e v i s s e r Prog s d n a p Ex s e c i v r Se California retailer offsets falling sales with window tinting, emergency vehicle services and breathalyzer installations. WORDS BY TED GOSLIN
here are many components that make up a sound system. There’s a head unit to handle music, navigation and Bluetooth functions, tweeters for the high end, coaxials for the mids and a subwoofer for the bass. To send the signals, an amp, preferably with DSP, is used to maximize the audio output to those speakers. Finally, it requires a skilled installation technician to bring all the components together to create a cohesive sound system. The same could be said of the types of products and services a 12-volt shop sells to its customers. And like sound systems, there are many different products one could choose from to create a shop’s offerings. While a standard car audio shop might focus mostly on selling the
12 Mobile Electronics March 2017
standard “deck and fours,” some stores have had to expand their offerings to keep up with new technology and declining car audio sales. During his 25 years as a mobile electronics business owner, Alan Binder came to learn this modern truth well, leading him to diversify his business in multiple directions. Seeing a steady decline in his car audio business forced Binder to look into other revenue sources for his chain, Progressive Mobile Electronics. Binder transformed his chain into a diversified example of how a 12-volt business can find its niche in a variety of categories, including window tinting, breathalyzer installations and emergency equipment product and installation.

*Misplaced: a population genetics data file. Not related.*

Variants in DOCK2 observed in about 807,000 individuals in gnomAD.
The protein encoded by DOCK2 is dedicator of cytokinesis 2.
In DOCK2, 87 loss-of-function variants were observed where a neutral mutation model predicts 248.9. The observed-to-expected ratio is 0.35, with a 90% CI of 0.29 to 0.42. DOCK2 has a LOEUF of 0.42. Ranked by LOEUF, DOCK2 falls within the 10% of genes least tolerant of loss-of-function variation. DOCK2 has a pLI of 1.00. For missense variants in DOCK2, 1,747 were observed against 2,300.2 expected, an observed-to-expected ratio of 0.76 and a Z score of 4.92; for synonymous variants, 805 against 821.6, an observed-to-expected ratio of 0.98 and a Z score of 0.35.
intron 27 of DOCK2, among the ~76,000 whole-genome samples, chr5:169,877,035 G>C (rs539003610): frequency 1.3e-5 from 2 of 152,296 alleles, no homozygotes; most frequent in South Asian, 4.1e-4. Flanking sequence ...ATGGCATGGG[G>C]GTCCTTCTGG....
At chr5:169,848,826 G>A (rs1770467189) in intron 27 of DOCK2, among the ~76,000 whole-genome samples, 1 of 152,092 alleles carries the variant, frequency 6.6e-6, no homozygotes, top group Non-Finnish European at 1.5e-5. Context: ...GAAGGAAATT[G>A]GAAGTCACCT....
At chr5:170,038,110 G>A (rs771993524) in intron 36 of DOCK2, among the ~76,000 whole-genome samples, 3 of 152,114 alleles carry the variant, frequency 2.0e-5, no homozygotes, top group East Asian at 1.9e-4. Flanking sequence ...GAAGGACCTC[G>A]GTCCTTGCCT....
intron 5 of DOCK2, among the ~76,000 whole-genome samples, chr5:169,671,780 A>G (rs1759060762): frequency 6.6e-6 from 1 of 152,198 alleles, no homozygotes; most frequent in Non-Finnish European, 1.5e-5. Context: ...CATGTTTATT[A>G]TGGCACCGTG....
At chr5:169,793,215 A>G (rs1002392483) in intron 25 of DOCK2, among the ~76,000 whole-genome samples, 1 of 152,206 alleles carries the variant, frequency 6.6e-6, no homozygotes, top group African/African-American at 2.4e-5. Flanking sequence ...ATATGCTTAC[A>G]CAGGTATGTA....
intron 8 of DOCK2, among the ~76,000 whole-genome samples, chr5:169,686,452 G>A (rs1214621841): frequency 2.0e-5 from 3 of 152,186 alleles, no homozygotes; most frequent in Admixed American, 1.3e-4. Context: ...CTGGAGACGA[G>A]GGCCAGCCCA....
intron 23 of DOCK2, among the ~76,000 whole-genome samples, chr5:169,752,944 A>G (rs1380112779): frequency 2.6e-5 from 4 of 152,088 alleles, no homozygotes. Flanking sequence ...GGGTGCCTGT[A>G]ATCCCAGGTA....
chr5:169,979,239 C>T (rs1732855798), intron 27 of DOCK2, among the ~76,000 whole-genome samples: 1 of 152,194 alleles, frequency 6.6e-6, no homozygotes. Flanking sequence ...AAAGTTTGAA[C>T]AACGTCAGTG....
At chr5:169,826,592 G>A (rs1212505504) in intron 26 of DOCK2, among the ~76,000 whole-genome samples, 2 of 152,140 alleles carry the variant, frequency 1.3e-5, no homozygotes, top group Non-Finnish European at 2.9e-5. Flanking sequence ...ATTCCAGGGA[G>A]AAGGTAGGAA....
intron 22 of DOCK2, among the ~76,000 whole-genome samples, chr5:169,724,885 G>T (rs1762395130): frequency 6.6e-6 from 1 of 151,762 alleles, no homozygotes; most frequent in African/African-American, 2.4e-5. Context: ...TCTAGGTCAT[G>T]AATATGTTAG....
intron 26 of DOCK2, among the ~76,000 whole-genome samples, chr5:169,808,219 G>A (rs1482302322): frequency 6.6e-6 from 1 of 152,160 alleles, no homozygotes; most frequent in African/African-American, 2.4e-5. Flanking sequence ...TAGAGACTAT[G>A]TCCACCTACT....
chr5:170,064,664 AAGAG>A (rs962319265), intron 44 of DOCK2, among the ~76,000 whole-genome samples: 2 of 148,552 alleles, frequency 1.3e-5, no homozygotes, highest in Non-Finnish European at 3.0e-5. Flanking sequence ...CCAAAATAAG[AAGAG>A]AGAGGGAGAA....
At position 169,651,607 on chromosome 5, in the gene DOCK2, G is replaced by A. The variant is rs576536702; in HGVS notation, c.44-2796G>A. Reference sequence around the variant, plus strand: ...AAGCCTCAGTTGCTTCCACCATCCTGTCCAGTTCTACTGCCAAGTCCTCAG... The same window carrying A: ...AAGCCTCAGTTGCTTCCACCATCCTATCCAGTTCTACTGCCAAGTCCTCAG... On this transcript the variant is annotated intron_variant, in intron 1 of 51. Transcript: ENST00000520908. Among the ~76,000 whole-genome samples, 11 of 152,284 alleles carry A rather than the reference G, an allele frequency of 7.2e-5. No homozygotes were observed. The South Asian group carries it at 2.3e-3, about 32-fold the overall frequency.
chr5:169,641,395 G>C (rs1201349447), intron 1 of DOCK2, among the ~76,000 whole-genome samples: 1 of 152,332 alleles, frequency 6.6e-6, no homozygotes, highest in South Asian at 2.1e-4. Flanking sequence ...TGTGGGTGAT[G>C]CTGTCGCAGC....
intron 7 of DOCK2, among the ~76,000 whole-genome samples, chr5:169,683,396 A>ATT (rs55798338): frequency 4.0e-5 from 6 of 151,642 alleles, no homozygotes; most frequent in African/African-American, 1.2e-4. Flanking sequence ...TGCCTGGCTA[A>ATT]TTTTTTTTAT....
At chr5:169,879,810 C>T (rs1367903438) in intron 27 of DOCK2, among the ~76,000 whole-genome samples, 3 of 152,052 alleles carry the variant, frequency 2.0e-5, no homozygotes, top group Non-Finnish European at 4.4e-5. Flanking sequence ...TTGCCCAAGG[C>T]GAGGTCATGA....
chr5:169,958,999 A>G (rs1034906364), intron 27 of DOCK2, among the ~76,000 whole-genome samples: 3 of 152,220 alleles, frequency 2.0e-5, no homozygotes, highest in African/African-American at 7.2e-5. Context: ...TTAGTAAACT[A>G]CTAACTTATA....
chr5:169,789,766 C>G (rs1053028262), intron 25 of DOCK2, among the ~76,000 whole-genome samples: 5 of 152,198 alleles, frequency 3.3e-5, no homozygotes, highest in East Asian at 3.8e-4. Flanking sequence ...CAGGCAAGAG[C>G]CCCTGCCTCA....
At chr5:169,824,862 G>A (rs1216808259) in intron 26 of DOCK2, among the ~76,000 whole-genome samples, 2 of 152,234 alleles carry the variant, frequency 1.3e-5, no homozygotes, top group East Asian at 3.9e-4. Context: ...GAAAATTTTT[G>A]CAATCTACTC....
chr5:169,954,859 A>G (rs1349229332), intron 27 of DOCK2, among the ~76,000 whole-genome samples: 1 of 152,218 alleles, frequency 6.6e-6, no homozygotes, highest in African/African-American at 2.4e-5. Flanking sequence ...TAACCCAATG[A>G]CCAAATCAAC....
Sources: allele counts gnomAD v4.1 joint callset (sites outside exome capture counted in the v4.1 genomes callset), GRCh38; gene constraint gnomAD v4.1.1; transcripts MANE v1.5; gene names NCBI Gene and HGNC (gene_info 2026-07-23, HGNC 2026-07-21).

Retail U-turn After selling his share in a successful restaurant chain that employed over 7,500 employees, Binder decided he wanted to take the money he’d made and fund a different kind of business. It ended up being Progressive Mobile Electronics, a chain of stores in San Diego, Calif. Since buying the company in 1991, Binder expanded beyond just car audio with a several categories. “90 percent was pure retail and 10 percent was dealer business going to install radios and speakers in cars on those lots. By May 2016, 55 percent of the business was retail, 35 was emergency equipment and the other 15 percent was window tinting.” Binder admits that the emergency equipment business is a great place for